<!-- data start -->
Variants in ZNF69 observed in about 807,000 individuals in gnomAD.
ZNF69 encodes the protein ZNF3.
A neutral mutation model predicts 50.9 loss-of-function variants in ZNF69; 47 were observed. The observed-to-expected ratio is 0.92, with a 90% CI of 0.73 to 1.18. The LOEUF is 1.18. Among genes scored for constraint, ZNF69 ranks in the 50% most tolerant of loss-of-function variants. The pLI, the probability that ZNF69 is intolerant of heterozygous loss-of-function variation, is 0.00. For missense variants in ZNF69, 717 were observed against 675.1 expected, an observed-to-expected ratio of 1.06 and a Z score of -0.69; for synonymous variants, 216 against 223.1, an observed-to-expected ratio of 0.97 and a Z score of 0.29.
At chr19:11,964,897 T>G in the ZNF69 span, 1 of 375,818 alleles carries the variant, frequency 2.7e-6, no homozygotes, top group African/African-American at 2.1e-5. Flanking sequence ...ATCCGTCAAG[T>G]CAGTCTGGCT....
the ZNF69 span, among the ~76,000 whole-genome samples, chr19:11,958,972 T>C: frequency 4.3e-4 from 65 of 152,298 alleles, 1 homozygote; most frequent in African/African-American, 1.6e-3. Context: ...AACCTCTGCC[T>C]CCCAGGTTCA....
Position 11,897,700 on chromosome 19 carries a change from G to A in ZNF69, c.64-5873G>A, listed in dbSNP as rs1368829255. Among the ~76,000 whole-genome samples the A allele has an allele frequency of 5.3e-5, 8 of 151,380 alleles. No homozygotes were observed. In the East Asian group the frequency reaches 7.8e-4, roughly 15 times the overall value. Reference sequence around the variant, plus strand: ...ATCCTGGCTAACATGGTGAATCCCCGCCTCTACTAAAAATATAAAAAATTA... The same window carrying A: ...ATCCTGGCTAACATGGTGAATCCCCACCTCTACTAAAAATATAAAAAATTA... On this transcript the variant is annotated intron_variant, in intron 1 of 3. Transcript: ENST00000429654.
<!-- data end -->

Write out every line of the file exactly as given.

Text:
Variants in ZNF69 observed in about 807,000 individuals in gnomAD.
ZNF69 encodes the protein ZNF3.
A neutral mutation model predicts 50.9 loss-of-function variants in ZNF69; 47 were observed. The observed-to-expected ratio is 0.92, with a 90% CI of 0.73 to 1.18. The LOEUF is 1.18. Among genes scored for constraint, ZNF69 ranks in the 50% most tolerant of loss-of-function variants. The pLI, the probability that ZNF69 is intolerant of heterozygous loss-of-function variation, is 0.00. For missense variants in ZNF69, 717 were observed against 675.1 expected, an observed-to-expected ratio of 1.06 and a Z score of -0.69; for synonymous variants, 216 against 223.1, an observed-to-expected ratio of 0.97 and a Z score of 0.29.
At chr19:11,964,897 T>G in the ZNF69 span, 1 of 375,818 alleles carries the variant, frequency 2.7e-6, no homozygotes, top group African/African-American at 2.1e-5. Flanking sequence ...ATCCGTCAAG[T>G]CAGTCTGGCT....
the ZNF69 span, among the ~76,000 whole-genome samples, chr19:11,958,972 T>C: frequency 4.3e-4 from 65 of 152,298 alleles, 1 homozygote; most frequent in African/African-American, 1.6e-3. Context: ...AACCTCTGCC[T>C]CCCAGGTTCA....
Position 11,897,700 on chromosome 19 carries a change from G to A in ZNF69, c.64-5873G>A, listed in dbSNP as rs1368829255. Among the ~76,000 whole-genome samples the A allele has an allele frequency of 5.3e-5, 8 of 151,380 alleles. No homozygotes were observed. In the East Asian group the frequency reaches 7.8e-4, roughly 15 times the overall value. Reference sequence around the variant, plus strand: ...ATCCTGGCTAACATGGTGAATCCCCGCCTCTACTAAAAATATAAAAAATTA... The same window carrying A: ...ATCCTGGCTAACATGGTGAATCCCCACCTCTACTAAAAATATAAAAAATTA... On this transcript the variant is annotated intron_variant, in intron 1 of 3. Transcript: ENST00000429654.